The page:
Bad Time for a Raise

Democrats in the State Assembly want to raise New York’s minimum wage from $7.25 an hour to $8.50. At 17 percent, it would be the biggest one-time increase in the minimum wage in state history.

It would also be the wrong move at the wrong time, for the wrong reasons.

Job creation and economic growth in New York remain stagnant at best. Upstate, where decades of Rust Belt decay have ravaged city and town alike, unemployment and underemployment have become a way of life for far too many people.

A hike in the minimum wage very likely would make matters worse, despite the best intentions of the proposal’s supporters. Would-be employers will think twice about hiring entry-level employees, and that’s the last thing anybody wants in this economy.

There’s no question that those who live on minimum wage salaries have it tough. Rising prices have eroded the purchasing power of nearly a million and a half New Yorkers who work minimum wage jobs.

That said, state economic policy should have one single priority this year: job creation. Too many New Yorkers, especially in the western and northern parts of the state, are out of work or are working part-time. Albany has to figure out policies that will spur the creation of good, permanent, well-paying jobs. Tinkering with the minimum wage at a time of economic stagnation could easily result in job destruction, rather than job creation.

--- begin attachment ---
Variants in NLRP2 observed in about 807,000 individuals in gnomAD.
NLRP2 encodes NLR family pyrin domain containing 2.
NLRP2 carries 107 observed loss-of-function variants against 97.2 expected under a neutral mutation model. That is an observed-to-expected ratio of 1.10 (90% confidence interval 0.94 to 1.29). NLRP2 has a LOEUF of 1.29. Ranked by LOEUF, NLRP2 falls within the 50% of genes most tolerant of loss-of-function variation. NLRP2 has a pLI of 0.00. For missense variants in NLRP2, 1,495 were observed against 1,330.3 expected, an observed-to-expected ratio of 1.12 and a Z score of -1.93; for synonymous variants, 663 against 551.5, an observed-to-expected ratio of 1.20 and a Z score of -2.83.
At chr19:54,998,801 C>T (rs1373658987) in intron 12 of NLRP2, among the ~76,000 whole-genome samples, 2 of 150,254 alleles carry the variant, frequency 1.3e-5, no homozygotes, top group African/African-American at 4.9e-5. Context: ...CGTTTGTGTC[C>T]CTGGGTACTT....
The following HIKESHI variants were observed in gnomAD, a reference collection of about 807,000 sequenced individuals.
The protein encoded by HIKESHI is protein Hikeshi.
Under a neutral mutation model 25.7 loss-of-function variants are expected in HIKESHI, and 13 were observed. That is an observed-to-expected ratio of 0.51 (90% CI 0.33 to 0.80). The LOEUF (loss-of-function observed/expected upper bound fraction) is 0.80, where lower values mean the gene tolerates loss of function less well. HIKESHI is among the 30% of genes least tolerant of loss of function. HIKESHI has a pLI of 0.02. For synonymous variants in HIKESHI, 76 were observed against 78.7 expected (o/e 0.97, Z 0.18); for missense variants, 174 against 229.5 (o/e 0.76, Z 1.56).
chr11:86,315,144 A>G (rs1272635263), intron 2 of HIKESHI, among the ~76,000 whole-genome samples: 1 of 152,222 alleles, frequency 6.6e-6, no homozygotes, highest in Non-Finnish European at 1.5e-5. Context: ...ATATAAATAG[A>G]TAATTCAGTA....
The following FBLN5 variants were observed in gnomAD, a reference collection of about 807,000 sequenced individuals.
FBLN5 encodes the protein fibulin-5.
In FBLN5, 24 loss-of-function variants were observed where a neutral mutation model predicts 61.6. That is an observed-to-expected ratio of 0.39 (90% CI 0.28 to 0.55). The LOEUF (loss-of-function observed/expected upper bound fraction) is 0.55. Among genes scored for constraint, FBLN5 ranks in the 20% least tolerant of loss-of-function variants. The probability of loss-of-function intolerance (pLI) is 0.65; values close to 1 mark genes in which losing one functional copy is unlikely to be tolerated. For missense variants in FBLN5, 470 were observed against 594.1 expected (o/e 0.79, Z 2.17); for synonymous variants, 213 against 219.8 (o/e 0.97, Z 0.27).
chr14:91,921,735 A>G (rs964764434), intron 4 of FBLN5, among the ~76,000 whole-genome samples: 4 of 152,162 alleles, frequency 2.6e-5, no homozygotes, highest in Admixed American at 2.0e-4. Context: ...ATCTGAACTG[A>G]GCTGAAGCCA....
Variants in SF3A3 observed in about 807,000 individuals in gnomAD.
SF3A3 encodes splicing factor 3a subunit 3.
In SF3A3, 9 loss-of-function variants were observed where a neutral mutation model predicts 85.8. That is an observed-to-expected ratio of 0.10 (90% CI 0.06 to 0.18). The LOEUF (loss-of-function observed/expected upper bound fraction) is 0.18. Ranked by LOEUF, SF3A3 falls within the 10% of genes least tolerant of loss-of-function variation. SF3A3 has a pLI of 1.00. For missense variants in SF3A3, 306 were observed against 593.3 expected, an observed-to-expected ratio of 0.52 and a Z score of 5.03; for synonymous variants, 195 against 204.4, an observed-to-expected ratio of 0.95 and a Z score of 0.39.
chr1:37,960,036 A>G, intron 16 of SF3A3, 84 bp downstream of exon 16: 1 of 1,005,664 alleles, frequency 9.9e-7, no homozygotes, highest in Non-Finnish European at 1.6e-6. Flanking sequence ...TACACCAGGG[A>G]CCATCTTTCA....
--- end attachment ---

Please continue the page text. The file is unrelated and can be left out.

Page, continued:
The Democrats’ bill would also tie increases in the minimum wage to the inflation rate. That, too, is bound to inhibit the creation of entry-level jobs and summer jobs for teens. Such increases might be justified when times are more prosperous, but they can be destructive when job creation is so stagnant. The bill’s supporters rightly argue that minimum wage increases over the years have not kept up with inflation. The question is whether this is the right time for a raise.

With job creation so weak, the answer has to be no.